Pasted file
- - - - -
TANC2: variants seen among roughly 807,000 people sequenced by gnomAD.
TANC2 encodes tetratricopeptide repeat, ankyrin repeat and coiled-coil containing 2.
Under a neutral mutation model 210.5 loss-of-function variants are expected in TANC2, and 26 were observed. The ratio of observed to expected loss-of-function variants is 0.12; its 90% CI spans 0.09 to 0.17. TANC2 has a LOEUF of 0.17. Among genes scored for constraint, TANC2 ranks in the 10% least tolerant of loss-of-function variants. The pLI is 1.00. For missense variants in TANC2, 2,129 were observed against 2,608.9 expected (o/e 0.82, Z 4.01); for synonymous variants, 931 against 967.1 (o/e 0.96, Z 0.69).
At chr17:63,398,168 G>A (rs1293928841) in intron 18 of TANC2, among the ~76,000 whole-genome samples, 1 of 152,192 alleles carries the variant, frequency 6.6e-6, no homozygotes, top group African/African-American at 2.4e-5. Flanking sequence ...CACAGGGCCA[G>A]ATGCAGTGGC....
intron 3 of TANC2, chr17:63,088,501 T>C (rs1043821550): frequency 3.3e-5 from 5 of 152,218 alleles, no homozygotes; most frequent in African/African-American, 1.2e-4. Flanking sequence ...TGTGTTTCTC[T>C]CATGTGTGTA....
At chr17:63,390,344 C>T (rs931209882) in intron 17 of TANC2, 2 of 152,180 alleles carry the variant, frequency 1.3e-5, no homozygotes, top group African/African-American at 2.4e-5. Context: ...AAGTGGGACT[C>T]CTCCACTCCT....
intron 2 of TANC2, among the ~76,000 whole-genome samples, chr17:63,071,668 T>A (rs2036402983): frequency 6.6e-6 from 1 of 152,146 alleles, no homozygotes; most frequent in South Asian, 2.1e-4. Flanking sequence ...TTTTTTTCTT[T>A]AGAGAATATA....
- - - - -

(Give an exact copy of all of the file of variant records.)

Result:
TANC2: variants seen among roughly 807,000 people sequenced by gnomAD.
TANC2 encodes tetratricopeptide repeat, ankyrin repeat and coiled-coil containing 2.
Under a neutral mutation model 210.5 loss-of-function variants are expected in TANC2, and 26 were observed. The ratio of observed to expected loss-of-function variants is 0.12; its 90% CI spans 0.09 to 0.17. TANC2 has a LOEUF of 0.17. Among genes scored for constraint, TANC2 ranks in the 10% least tolerant of loss-of-function variants. The pLI is 1.00. For missense variants in TANC2, 2,129 were observed against 2,608.9 expected (o/e 0.82, Z 4.01); for synonymous variants, 931 against 967.1 (o/e 0.96, Z 0.69).
At chr17:63,398,168 G>A (rs1293928841) in intron 18 of TANC2, among the ~76,000 whole-genome samples, 1 of 152,192 alleles carries the variant, frequency 6.6e-6, no homozygotes, top group African/African-American at 2.4e-5. Flanking sequence ...CACAGGGCCA[G>A]ATGCAGTGGC....
intron 3 of TANC2, chr17:63,088,501 T>C (rs1043821550): frequency 3.3e-5 from 5 of 152,218 alleles, no homozygotes; most frequent in African/African-American, 1.2e-4. Flanking sequence ...TGTGTTTCTC[T>C]CATGTGTGTA....
At chr17:63,390,344 C>T (rs931209882) in intron 17 of TANC2, 2 of 152,180 alleles carry the variant, frequency 1.3e-5, no homozygotes, top group African/African-American at 2.4e-5. Context: ...AAGTGGGACT[C>T]CTCCACTCCT....
intron 2 of TANC2, among the ~76,000 whole-genome samples, chr17:63,071,668 T>A (rs2036402983): frequency 6.6e-6 from 1 of 152,146 alleles, no homozygotes; most frequent in South Asian, 2.1e-4. Flanking sequence ...TTTTTTTCTT[T>A]AGAGAATATA....